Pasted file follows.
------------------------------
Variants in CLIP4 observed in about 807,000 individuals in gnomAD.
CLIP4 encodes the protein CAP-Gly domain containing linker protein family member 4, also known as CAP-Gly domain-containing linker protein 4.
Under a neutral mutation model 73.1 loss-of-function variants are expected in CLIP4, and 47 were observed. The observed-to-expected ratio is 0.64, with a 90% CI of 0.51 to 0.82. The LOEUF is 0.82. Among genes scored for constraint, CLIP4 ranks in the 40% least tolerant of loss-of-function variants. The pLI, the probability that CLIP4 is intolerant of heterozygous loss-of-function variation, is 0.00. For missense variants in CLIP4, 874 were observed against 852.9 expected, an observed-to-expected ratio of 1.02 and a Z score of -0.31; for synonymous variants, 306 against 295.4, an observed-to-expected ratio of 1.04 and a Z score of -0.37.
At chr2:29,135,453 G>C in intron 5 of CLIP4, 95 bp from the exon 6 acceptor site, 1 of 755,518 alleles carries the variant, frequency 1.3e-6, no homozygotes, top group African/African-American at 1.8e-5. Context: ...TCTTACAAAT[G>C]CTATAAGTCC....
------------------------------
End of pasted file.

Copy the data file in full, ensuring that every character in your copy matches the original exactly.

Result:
Variants in CLIP4 observed in about 807,000 individuals in gnomAD.
CLIP4 encodes the protein CAP-Gly domain containing linker protein family member 4, also known as CAP-Gly domain-containing linker protein 4.
Under a neutral mutation model 73.1 loss-of-function variants are expected in CLIP4, and 47 were observed. The observed-to-expected ratio is 0.64, with a 90% CI of 0.51 to 0.82. The LOEUF is 0.82. Among genes scored for constraint, CLIP4 ranks in the 40% least tolerant of loss-of-function variants. The pLI, the probability that CLIP4 is intolerant of heterozygous loss-of-function variation, is 0.00. For missense variants in CLIP4, 874 were observed against 852.9 expected, an observed-to-expected ratio of 1.02 and a Z score of -0.31; for synonymous variants, 306 against 295.4, an observed-to-expected ratio of 1.04 and a Z score of -0.37.
At chr2:29,135,453 G>C in intron 5 of CLIP4, 95 bp from the exon 6 acceptor site, 1 of 755,518 alleles carries the variant, frequency 1.3e-6, no homozygotes, top group African/African-American at 1.8e-5. Context: ...TCTTACAAAT[G>C]CTATAAGTCC....